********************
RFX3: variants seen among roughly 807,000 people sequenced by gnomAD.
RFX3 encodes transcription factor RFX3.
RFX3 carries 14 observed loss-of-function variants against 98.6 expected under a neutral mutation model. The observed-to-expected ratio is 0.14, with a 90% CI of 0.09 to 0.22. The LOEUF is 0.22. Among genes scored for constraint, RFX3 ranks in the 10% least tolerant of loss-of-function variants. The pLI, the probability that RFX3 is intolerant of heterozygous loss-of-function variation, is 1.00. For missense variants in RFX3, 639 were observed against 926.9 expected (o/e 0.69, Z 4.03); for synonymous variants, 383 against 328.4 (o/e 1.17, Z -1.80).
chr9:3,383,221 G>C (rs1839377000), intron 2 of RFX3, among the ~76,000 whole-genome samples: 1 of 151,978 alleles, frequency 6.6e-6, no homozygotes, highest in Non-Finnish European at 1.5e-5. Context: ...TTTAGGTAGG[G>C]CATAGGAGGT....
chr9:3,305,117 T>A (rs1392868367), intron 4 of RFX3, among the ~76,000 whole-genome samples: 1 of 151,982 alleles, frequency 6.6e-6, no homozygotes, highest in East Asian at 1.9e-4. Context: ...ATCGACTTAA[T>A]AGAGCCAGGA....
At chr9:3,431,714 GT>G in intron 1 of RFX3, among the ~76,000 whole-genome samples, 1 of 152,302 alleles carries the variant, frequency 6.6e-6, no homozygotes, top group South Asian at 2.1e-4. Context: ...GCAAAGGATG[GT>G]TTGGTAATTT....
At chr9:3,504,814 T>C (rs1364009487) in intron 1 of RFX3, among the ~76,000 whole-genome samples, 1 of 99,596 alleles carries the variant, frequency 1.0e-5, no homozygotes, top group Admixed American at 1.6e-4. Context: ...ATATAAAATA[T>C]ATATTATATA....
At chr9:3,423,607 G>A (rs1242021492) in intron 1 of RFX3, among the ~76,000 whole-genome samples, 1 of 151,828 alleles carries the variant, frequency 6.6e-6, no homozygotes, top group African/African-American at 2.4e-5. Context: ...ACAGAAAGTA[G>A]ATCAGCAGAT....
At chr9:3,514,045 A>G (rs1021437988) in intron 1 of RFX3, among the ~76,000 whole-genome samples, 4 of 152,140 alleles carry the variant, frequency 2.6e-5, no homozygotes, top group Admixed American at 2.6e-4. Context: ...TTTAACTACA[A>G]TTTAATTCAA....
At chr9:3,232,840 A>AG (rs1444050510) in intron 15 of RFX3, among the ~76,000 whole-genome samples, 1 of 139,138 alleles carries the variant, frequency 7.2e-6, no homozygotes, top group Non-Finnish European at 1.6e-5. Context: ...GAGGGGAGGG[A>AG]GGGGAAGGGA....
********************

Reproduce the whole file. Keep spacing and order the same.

RFX3: variants seen among roughly 807,000 people sequenced by gnomAD.
RFX3 encodes transcription factor RFX3.
RFX3 carries 14 observed loss-of-function variants against 98.6 expected under a neutral mutation model. The observed-to-expected ratio is 0.14, with a 90% CI of 0.09 to 0.22. The LOEUF is 0.22. Among genes scored for constraint, RFX3 ranks in the 10% least tolerant of loss-of-function variants. The pLI, the probability that RFX3 is intolerant of heterozygous loss-of-function variation, is 1.00. For missense variants in RFX3, 639 were observed against 926.9 expected (o/e 0.69, Z 4.03); for synonymous variants, 383 against 328.4 (o/e 1.17, Z -1.80).
chr9:3,383,221 G>C (rs1839377000), intron 2 of RFX3, among the ~76,000 whole-genome samples: 1 of 151,978 alleles, frequency 6.6e-6, no homozygotes, highest in Non-Finnish European at 1.5e-5. Context: ...TTTAGGTAGG[G>C]CATAGGAGGT....
chr9:3,305,117 T>A (rs1392868367), intron 4 of RFX3, among the ~76,000 whole-genome samples: 1 of 151,982 alleles, frequency 6.6e-6, no homozygotes, highest in East Asian at 1.9e-4. Context: ...ATCGACTTAA[T>A]AGAGCCAGGA....
At chr9:3,431,714 GT>G in intron 1 of RFX3, among the ~76,000 whole-genome samples, 1 of 152,302 alleles carries the variant, frequency 6.6e-6, no homozygotes, top group South Asian at 2.1e-4. Context: ...GCAAAGGATG[GT>G]TTGGTAATTT....
At chr9:3,504,814 T>C (rs1364009487) in intron 1 of RFX3, among the ~76,000 whole-genome samples, 1 of 99,596 alleles carries the variant, frequency 1.0e-5, no homozygotes, top group Admixed American at 1.6e-4. Context: ...ATATAAAATA[T>C]ATATTATATA....
At chr9:3,423,607 G>A (rs1242021492) in intron 1 of RFX3, among the ~76,000 whole-genome samples, 1 of 151,828 alleles carries the variant, frequency 6.6e-6, no homozygotes, top group African/African-American at 2.4e-5. Context: ...ACAGAAAGTA[G>A]ATCAGCAGAT....
At chr9:3,514,045 A>G (rs1021437988) in intron 1 of RFX3, among the ~76,000 whole-genome samples, 4 of 152,140 alleles carry the variant, frequency 2.6e-5, no homozygotes, top group Admixed American at 2.6e-4. Context: ...TTTAACTACA[A>G]TTTAATTCAA....
At chr9:3,232,840 A>AG (rs1444050510) in intron 15 of RFX3, among the ~76,000 whole-genome samples, 1 of 139,138 alleles carries the variant, frequency 7.2e-6, no homozygotes, top group Non-Finnish European at 1.6e-5. Context: ...GAGGGGAGGG[A>AG]GGGGAAGGGA....